Jack & Naree wrote:
Well I'm familiar with the Canadian immigration
procedure, and I know that
it's hard to get in without decent qualifications and useful work experience
(unless you speak French).
Canadian immigration policy is a subject best left for another time. :-$
So all these Commonwealth English-speaking immigrants
(including those from
the British Isles) go into important jobs where they have input into the
language that gets written down in the Canadian media; on websites; and
If you review the important statistics that you cited India and Pakistan
are Commonwealth countries that provide considerably more immigrants
than either the UK or US. A form of American English is also widespread
in the Philippines. The English of the subcontinent has a distinctive
flavour of its own, and if put in a position of influence those
immigrants may have an influence on Canadian English that could be quite
different from what you would expect. Immigrants from the UK will
include people with many other skills that just linguistic ones. Those
other skills are more important for immigration policy. Although the
same might be true for Americans it must be remembered that the North
American Free Trade Agreement (NAFTA) is also a factor there that will
facilitate higher level migration within an established company
The podgy working-class Canucks, on the other hand may
indistinguishable from podgy working-class Yanks, but they can't have as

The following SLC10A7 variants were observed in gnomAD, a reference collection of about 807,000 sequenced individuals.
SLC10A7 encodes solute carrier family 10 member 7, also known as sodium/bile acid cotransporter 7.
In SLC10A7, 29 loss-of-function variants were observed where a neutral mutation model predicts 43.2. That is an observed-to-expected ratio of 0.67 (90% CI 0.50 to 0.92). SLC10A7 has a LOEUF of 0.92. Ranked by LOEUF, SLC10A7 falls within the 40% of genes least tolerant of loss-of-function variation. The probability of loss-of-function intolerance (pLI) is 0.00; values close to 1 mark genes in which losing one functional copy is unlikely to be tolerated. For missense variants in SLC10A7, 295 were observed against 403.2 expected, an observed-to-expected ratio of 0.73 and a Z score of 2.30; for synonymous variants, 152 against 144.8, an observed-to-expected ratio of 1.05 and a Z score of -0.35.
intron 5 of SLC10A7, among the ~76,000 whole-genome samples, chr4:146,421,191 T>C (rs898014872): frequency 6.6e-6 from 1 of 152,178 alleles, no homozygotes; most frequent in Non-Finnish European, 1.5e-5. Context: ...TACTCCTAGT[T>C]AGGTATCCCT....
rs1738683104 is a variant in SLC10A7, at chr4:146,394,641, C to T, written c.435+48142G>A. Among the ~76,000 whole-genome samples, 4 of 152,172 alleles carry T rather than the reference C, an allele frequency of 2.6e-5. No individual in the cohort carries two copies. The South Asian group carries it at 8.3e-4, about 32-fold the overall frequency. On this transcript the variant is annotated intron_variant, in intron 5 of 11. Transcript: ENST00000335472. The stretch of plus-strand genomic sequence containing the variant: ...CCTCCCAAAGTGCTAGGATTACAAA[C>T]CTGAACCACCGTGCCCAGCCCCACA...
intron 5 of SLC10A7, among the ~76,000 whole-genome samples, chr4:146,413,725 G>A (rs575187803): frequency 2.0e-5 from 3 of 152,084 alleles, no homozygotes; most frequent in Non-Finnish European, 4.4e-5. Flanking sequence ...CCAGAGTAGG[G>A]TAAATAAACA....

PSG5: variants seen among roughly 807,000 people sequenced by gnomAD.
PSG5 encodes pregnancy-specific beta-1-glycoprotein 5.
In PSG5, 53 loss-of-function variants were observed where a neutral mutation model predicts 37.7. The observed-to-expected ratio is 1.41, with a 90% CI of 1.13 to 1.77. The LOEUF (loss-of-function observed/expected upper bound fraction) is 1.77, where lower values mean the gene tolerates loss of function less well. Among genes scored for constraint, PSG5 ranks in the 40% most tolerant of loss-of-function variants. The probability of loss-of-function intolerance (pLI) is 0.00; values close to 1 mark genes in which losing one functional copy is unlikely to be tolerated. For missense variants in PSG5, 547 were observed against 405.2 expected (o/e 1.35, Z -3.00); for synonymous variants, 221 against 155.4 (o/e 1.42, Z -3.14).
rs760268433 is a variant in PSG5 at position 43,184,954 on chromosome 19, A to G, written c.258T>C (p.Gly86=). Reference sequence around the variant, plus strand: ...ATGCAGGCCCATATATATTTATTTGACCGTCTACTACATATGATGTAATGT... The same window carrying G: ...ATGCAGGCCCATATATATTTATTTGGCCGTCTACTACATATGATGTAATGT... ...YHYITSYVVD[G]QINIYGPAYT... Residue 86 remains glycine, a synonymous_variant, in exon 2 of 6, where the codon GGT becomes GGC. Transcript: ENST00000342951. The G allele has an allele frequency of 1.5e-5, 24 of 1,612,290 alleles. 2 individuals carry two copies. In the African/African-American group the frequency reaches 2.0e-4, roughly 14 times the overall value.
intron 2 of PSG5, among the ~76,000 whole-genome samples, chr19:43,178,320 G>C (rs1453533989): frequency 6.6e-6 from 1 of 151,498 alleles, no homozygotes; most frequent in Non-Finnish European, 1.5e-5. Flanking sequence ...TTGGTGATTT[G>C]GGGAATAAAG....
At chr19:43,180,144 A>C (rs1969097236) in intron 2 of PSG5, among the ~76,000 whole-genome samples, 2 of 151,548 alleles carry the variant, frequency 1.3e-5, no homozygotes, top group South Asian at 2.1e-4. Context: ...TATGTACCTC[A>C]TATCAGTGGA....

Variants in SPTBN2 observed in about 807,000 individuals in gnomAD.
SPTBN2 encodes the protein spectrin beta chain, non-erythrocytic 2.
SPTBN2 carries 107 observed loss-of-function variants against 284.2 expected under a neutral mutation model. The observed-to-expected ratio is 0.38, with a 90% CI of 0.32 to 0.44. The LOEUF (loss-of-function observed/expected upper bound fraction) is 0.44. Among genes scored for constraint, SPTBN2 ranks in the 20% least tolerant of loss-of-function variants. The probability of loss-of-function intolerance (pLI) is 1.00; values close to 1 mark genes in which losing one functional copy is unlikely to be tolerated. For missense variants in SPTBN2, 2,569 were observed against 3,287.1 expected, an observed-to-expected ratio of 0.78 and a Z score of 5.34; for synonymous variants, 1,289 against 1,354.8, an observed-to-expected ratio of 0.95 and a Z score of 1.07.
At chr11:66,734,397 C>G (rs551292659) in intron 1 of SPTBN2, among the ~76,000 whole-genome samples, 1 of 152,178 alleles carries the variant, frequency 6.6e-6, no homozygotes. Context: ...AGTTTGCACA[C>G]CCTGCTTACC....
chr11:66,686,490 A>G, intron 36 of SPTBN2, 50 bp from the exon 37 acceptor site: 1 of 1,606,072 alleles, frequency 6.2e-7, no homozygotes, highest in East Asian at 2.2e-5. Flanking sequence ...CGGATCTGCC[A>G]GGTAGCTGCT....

disproportionate an effect on written English in Canada as these
Television, and products advertised on television are more influential.
Most mass marketed books are from the USA. Those less educated persons
who continue to read are more likely to be influenced by American
The number of Commonwealth English speakers combined is by far the largest
Plus the fact that you've got the French influence on spellings - it's
cheaper (for advert/sign-writing) and more efficient to use one spelling, so
why have an American and French version when you can have an English one
that suits both.
The French spelligs do tend to be closer to the British for reasons that
go back to the Norman conquest, but if the context requires full
translation this is not likely to be noticed. The bulk of the
translation is from English to French so that becomes an exercise in
protecting French from the corruption of anglicisms of which ever type.
The politically correct tendency in Quebec French is sometimes toward
having a language that is more correct than what you might find in France.
On 19/09/05, Ray Saintonge <saintonge(a)telus.net>
>Jack & Naree wrote:
>>The thing aboot (!) Canada is that there's a steady stream of recent (and
>>educated) British immigrants as with Australia, maintaining the standards.
>>I would not be surprised to find Americanisms more a feature of urban
>>working-class Canadians near the US border.
>Some 80% of the Canadian population lives within 150km of the US
>border. (That's about 90 miles for you Brits and Yanks that don't
>understand that.) British and Australian immigrants have not been
>dominant among those who choose to come live in Canada; we see far more
>newcomers from India. I understand that years of British influence have
>resulted in a peculiar form of hypercorrect English, but I don't see how
>this influx of Raj English will help maintain standards among Disneyfied
>Canadians. I think that a continued practice of smug linguistic aikido
>will be more effective Come to think of it, that strategy may work as
>well in cricket as in baseball.